AFTER five years of experiencing pain, torment, and rejection at the hands of her late husband's family, Nyanyiwe Banda not real name has decided to tell her story in the hope that justice will prevail.
Nyanyiwe was rejected by her husband's family after his death and everything was grabbed from her and the children. She was also remanded in prison for eight months after being accused of killing her husband.
Nyanyiwe, who is now unemployed, says she has exhausted all the institutions that may be concerned with the plight of widows and orphans in her quest to find justice but to no avail.
She says she feels telling the story to The Post may yield some positive results when it reaches the attention of the relevant authorities.
Nyanyiwe says in her quest to see justice, she engaged 12 lawyers who withdrew representation a day or two before going to hear the matter.
Nyanyiwe worked for 10 years at one of the country's print media organisations and later quit to join forces with her husband in business to secure a future of their children.
She now narrates the misfortune and misery has befallen her life after the death of her husband.
Nyanyiwe says she got married in 1995 and the couple had four children.
She says her husband fell sick in 2007 and later died.
Nyanyiwe says according to the death certificate, her husband died of hypertension, a condition she said he often suffered from.
She explains that after his death, the two families met and her husband's relatives asked her what he had died of.
Nyanyiwe says she told them that he died of hypertension as stated on the death certificate.
She says during the same meeting, she asked about matters of administering the family estate and suggested that she be part of the team especially that the children were young.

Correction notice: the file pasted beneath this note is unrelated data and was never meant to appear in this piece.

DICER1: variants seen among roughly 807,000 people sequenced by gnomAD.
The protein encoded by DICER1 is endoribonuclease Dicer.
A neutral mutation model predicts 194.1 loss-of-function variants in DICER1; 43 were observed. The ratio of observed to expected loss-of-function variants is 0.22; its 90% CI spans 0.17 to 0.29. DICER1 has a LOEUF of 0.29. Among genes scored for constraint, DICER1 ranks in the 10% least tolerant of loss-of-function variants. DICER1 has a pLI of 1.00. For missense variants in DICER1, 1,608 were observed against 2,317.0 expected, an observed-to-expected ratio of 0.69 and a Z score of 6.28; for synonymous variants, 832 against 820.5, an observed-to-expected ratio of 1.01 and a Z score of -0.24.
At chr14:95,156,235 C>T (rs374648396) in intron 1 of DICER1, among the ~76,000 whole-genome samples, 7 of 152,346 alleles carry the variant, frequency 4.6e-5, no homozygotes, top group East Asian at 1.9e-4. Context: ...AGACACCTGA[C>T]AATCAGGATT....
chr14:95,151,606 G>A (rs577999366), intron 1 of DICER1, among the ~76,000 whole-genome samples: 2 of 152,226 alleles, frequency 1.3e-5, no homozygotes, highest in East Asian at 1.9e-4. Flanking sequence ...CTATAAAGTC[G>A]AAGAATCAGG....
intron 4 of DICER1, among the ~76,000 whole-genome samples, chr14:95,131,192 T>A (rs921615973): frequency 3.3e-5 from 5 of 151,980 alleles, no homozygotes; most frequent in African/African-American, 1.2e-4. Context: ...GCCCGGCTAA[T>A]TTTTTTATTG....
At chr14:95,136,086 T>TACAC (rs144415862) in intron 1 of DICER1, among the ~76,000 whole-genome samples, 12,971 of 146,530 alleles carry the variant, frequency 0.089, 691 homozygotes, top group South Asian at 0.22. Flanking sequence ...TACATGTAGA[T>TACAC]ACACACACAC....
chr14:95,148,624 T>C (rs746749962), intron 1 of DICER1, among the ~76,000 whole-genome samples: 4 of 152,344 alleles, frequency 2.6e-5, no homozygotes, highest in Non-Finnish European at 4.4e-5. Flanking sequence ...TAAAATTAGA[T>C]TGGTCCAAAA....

Nyanyiwe says her husband's relatives refused to let her be part of team, saying she was still mourning her husband.
She was then asked to choose someone to represent her.
However, the person she chose was rejected and late husband's family instead chose one of her cousins, whom she believed was siding with them.
Nyanyiwe explains that she and her late husband were running two limited companies and among the properties they had included vehicles.
As struggles on the administration of the estate continued, her husband's family told her to stay away from the activity and only get concerned with mourning her husband.
This prompted Nyanyiwe to seek the assistance of the Legal Aid Clinic where she was told that she had the right to be part of the administrators.
When they went to court, she requested to be included but her husband's relatives got annoyed.
She says what made the situation worse was the fact that the local court where the matter was referred was not as helpful as the property was too much for it to handle.
When she attempted to pursue the matter further, she was accused of killing her husband whom she said was buried at their farm house.
"They said you have killed him so we will bury him here house so that your conscience is troubled," Nyanyiwe said.
She then decided to go to administrator general's office and the husband's relatives were infuriated further.
Nyanyiwe says at the administrator general's office, she was told that two people would be sworn in including herself but on the day it was supposed to be done, she didn't make it as her youngest baby at the time was unwell.
She later learnt that two people had been sworn in her absence; a representative from the husband's family and her cousin.
Nyanyiwe then decided to engage a lawyer to help her get a share of the estates she had worked for with the late husband and deal with the issues of the preservation order which the husband's family issued on various properties.
She says she decided to go and withdraw some money to pay the lawyer when she discovered an affidavit which showed that she could not withdrew money because the bank had frozen the account.
Nyanyiwe says she felt it was unfair and decided to go back to Legal Aid
Clinic and the account was opened again.
She says bailiffs later raided one of their companies and collected all the furniture.
Nyanyiwe says the bailiffs also went away with a Pajero, a minibus, two Canters, a Land Cruiser and a truck.
She says she has tried to follow up with the Sheriffs of Zambia but they have refused to release the properties to date.
Nyanyiwe says in her pursuit of justice, she went back to Legal Aid Clinic where